Imagine you are driving your Ferrari 512BB on the Autobahn at 210km/h and a “small” Golf Rabbit overtakes your piece of art from Maranello with astonishing facility. Then you feel completely sick until you realise that is a work from Guenter Artz, manager of the Nordstadt Company, a Volkswagen dealer in Hannover. Artz is known for raising many an eyebrow in 1973 with his one-of-a-kind Porsche Carrera-powered 200km/h VW Beetle.
This Golf is probably the most famous creation from Artz. Based on the chassis, interior and mechanics of a Porsche 928, is added to set a body of Volkwagen Golf GL which is 30 cm wider than normal, longer and made of completely handmade, as Artz detailed itself on December 1979 on Road & Track:
“We took a complete 928 chassis and drivetrain and built a Rabbit body around it. It required extensive handwork because the size of the engine made it necessary to widen the body by approximately 9 in. Only the doors and side panels are original Rabbit; all other body panels had to be custom-made. The windshield alone cost us $3500,” says Artz, who keeps a tight lip about the selling price of his creation. ” But, whoever, is ready to put his signature on a sizable.check,” promises Artz, “will have the time of his life!”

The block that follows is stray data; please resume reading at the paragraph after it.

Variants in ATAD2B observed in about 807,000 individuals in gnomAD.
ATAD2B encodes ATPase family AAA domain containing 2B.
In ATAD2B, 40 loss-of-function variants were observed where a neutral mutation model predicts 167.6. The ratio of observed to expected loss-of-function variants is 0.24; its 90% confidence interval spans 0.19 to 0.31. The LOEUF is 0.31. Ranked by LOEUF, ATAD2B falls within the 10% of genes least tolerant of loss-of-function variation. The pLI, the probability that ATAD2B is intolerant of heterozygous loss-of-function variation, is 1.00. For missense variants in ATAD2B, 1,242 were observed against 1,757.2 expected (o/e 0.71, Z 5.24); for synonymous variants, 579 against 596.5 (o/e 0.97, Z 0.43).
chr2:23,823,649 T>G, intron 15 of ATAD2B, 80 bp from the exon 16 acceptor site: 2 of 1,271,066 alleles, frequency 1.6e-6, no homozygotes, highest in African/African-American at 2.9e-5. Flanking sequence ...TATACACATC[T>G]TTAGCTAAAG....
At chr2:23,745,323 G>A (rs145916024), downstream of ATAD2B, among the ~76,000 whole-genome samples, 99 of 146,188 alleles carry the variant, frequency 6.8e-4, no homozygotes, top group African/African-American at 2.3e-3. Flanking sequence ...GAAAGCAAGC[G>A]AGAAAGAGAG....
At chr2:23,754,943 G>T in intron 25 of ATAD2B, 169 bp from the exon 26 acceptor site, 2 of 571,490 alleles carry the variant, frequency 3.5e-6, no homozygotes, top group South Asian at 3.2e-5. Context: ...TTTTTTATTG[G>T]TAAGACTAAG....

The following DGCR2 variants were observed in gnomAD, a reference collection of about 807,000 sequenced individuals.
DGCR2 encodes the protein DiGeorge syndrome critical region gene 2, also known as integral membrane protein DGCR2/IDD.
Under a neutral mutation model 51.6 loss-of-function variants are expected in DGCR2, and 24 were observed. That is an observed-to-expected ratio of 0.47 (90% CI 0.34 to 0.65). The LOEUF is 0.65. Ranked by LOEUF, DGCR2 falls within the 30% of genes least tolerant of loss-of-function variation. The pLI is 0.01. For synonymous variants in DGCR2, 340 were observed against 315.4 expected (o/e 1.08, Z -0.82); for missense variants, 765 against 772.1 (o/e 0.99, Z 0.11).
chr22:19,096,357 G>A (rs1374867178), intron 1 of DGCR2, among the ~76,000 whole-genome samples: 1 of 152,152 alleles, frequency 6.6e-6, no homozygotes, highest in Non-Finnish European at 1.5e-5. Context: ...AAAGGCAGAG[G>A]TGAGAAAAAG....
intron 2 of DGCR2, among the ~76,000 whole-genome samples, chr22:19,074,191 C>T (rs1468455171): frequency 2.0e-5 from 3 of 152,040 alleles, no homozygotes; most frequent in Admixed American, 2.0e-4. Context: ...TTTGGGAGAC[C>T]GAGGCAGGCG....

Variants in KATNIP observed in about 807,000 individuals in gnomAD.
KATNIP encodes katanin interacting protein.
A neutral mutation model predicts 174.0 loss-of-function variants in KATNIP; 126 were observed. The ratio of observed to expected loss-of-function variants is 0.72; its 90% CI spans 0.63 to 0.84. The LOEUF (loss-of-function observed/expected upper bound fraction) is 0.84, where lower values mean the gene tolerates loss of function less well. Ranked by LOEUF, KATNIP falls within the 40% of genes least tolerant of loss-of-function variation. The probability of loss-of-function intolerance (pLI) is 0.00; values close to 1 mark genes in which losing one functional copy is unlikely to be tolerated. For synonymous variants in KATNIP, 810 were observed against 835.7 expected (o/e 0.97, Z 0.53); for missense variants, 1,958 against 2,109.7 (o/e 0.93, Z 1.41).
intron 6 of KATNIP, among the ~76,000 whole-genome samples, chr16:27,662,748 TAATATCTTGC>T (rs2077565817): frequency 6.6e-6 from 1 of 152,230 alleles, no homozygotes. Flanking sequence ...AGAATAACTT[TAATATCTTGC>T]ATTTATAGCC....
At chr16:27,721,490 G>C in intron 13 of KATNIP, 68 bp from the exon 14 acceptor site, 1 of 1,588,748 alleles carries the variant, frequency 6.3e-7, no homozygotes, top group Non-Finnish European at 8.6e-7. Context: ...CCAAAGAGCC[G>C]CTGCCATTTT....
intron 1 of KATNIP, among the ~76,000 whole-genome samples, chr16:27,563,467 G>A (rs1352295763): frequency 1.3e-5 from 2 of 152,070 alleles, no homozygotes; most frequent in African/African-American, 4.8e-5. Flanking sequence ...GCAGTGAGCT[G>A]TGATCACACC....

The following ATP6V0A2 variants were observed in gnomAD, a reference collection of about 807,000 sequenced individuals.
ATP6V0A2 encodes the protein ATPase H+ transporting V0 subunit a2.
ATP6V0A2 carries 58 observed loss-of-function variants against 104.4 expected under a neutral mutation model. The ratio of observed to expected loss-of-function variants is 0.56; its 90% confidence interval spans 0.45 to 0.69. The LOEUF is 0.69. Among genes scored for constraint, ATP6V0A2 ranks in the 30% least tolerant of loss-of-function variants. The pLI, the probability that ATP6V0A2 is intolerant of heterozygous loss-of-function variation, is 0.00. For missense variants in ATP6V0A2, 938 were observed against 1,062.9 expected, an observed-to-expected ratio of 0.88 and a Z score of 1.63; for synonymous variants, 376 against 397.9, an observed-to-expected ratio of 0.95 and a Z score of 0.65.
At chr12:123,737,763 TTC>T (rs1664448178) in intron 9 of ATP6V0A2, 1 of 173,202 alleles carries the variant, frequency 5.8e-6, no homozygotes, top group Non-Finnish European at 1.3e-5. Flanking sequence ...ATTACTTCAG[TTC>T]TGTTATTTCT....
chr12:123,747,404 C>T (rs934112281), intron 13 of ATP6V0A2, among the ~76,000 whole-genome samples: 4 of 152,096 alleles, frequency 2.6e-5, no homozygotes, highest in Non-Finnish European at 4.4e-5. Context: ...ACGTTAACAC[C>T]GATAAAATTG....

The 928 v8 4.5L engine fitted on this amazing Golf produced 240 hp that allows the Rabbit to take a top speed of 230 km/h. With the launch of the Porsche 928S, the Golf got a new heart, the new V8 4.7 liters and 300hp, which improved even more its performance.
Road & Track tested the car in 1979, and wrote that “the comfortable leather seats are straight out of a 928. So are the steering wheel, dashboard and instruments. All in all, it gives you the feeling of being inside a Porsche with two important differ ences: Overall outward vision is much better, and the rear compartment with its fold-down bucket seats provides more legroom than the 928’s. Standard amenities include electric window lifts, an electric sunroof and air conditioning. The flexibility of the car’s torquey V8 permits the driver who prefers comfortable cruising over sporty driving to forget the gearshift occasionally”.
According to Nordstadt, only 10 cars were built: 2 with a manual transmission Porsche 5-speed, and 8 with an automatic transmission. Where they ere sold? 6 were planned for Germany, 2 for Austria, 1 for Switzerland and 1 for France.